The Ice Pirates is a 1984 comedy/science-fiction film. It was directed by Stewart Raffill (of Wilderness Family fame), who co-wrote the screenplay with Krull author Stanford Sherman. The movie stars Robert Urich and Mary Crosby. Other notable featured actors are Anjelica Huston, Ron Perlman, Michael D. Roberts, Bruce Vilanch, John Carradine and football great John Matuszak. It is considered to be a Cult Classic by many science fiction and B-movie fans because the movie doesn't really take itself seriously and everybody involved seems to have a great time hamming it up.The film takes place in a future where water is an immensely valuable substance, both as a commodity and as a currency. Princess Karina (Crosby) is a spoiled princess who purchases captured space pirates Jason (Urich) and Roscoe (Roberts). They then proceed to locate a "lost" planet that contains massive amounts of water. The planet must be approached on a specific course or the ship will be suspended in time forever. The course apparently contains some sort of time distortion.
Ice Pirates has examples of
Action Girl: Maida, the only female pirate in Jason's crew. Though she isn't involved in the fight of the climax (as she's too busy piloting the ship), she uses her laser gun as much as any of the guys throughout the movie, and has a memorable sword duel in the middle of the film, where she decapitates her attacker!
Amazon Brigade: All of Wendon's guards are, for some reason, scantily-dressed gladiator women.
Beta Couple Maida and Killjoy, two supporting characters who have tension throughout the movie, until they finally kiss at the end.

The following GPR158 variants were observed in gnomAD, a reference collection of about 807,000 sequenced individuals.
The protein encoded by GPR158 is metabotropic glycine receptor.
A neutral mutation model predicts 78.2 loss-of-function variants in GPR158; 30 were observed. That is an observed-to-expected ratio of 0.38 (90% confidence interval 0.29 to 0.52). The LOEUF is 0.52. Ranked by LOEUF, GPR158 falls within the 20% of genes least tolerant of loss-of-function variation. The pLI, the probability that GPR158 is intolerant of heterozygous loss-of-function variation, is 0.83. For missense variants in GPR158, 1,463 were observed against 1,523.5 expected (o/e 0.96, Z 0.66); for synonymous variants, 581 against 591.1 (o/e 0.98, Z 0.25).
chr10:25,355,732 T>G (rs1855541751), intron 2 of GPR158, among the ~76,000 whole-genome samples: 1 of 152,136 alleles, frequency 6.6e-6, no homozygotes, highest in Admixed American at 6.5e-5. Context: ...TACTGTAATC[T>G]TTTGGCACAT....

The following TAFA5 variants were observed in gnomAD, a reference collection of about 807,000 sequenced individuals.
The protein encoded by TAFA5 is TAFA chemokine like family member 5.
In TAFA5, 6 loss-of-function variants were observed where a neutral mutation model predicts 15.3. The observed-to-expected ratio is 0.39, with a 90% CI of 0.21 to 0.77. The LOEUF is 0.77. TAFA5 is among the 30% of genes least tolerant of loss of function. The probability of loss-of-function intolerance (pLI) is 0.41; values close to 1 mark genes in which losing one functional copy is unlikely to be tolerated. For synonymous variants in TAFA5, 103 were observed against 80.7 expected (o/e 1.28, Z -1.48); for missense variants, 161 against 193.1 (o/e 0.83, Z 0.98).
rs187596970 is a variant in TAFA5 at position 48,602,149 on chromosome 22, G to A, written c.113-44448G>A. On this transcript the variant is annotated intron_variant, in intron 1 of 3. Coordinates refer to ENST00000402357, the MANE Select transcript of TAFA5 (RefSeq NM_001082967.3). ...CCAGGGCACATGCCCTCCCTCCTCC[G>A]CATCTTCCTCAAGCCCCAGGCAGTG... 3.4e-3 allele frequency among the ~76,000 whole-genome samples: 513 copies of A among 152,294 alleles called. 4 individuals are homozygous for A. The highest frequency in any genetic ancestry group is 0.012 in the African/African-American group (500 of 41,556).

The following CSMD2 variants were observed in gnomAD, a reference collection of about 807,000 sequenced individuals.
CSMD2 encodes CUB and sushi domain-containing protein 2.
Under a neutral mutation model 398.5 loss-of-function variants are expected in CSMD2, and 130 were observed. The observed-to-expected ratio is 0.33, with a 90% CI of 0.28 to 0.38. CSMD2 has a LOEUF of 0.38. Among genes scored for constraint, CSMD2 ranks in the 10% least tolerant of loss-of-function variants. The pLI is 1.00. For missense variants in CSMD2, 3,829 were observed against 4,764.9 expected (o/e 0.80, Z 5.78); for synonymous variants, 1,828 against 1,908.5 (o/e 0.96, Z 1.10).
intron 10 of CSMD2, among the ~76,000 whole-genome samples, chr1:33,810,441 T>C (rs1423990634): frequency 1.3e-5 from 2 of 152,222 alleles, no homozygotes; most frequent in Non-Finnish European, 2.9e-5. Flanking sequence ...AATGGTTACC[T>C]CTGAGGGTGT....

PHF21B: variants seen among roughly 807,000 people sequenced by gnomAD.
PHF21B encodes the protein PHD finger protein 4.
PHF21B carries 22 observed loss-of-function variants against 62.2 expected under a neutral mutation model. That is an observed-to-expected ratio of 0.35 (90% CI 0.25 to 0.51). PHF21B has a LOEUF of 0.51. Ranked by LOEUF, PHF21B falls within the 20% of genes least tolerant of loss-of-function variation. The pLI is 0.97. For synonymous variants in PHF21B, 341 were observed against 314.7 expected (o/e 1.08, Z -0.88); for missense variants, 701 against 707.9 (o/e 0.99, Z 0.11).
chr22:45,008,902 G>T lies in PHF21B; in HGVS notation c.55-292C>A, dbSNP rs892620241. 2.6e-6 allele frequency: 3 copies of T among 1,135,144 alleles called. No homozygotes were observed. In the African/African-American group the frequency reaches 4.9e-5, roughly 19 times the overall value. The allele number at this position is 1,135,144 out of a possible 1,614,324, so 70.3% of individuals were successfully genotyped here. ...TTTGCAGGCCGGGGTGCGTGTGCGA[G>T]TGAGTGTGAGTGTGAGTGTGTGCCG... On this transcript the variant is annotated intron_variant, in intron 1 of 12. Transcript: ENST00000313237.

Cool Car: The desert truck driven by the Bounty Hunters, in the scene that spoofs Mad Max. Imagine a monster-car, with a pirate ship's helm for a steering wheel, and a horned alien skull adorning the front.
Earth That Was: The Seventh World, a paradise planet that still has a water cycle, rumored to exist at the center of the galaxy. Reaching this planet becomes the ultimate goal of the protagonists.
The Eighties: A trippy soundtrack filled with keyboard music and echoing drums? Check. Laughably dated CGI laser beams? Check. Glittering dresses and leotards that would make the creators of Labyrinth jealous? Check-a-roo!
The Empire: The Templars, the greedy aristocrats who control all of the water in the galaxy. However, it is made clear that not all aristocrats side with the Templars; Karina and her father both wanted what was best for the whole galaxy, and are either shown or told to have been treating commoners and even criminals far more kindly than the evil Templars.
Impossibly Cool Clothes: The costuming is one of the silliest, at at the same time, seriously beautiful things about the movie. Most of the main characters' costumes have elements of Medieval or Ancient Greek clothing (even chain mail!), all dripping with extravagant detail. In the sea of minor and background characters one can find Medieval knights, cowboys, 1980s leotards, gladiator women, and ancient Arabian garb.
Planet of Hats: The 7th world, whose particular hat is water. Also, the planet Mithra.